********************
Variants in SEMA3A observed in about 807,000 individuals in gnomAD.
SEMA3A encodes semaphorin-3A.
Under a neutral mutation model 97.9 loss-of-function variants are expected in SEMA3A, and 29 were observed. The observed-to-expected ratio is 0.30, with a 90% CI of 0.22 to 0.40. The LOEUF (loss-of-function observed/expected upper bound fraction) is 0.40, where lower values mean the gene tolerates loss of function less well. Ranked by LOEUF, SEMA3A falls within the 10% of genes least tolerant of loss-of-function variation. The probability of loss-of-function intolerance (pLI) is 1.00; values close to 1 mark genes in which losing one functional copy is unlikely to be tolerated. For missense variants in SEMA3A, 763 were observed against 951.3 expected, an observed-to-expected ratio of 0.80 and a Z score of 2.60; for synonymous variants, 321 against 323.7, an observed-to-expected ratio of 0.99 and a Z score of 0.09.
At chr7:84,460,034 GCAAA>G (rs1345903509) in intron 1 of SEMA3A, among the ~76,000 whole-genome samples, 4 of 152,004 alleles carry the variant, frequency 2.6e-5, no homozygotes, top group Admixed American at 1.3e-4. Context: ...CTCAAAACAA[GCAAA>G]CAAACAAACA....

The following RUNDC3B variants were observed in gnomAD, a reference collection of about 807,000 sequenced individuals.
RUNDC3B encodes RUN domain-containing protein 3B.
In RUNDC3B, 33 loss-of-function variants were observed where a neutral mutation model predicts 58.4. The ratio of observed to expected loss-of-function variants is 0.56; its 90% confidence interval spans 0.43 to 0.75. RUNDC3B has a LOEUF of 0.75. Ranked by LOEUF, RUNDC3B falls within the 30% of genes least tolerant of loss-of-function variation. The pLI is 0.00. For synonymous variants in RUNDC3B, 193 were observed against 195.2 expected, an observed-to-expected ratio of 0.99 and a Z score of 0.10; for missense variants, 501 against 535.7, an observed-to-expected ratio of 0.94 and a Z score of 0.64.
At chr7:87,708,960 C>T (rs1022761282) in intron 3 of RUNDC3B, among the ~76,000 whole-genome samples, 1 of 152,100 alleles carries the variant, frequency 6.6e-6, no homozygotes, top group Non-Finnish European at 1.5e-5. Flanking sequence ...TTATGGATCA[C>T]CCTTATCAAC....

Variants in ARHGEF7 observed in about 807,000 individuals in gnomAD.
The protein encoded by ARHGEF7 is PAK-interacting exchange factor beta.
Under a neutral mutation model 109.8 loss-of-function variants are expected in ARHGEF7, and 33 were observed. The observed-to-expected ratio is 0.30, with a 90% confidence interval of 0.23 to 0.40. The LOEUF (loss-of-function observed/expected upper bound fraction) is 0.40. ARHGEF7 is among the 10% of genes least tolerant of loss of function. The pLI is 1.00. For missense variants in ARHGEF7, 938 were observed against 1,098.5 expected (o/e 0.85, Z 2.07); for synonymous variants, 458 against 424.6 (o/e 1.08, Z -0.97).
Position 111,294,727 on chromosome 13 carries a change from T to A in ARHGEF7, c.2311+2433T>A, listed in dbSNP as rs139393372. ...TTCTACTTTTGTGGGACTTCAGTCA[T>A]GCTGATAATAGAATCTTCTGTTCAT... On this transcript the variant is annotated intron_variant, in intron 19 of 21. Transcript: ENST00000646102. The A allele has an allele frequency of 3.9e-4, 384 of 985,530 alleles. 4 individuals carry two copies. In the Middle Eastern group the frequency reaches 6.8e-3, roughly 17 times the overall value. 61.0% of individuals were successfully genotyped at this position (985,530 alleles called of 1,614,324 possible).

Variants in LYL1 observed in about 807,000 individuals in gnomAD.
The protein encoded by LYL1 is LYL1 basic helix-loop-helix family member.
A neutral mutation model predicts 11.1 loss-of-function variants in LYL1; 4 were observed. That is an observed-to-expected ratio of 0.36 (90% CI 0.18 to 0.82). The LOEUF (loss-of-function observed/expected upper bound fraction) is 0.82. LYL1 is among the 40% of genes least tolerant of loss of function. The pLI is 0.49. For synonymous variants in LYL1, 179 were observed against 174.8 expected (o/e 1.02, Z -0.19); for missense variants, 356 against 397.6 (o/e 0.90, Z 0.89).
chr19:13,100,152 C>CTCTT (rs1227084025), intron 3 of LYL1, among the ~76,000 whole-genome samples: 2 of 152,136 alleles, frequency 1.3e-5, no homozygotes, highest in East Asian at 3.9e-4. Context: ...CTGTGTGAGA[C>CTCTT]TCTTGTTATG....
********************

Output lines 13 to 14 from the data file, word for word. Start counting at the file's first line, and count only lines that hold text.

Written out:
Variants in LYL1 observed in about 807,000 individuals in gnomAD.
The protein encoded by LYL1 is LYL1 basic helix-loop-helix family member.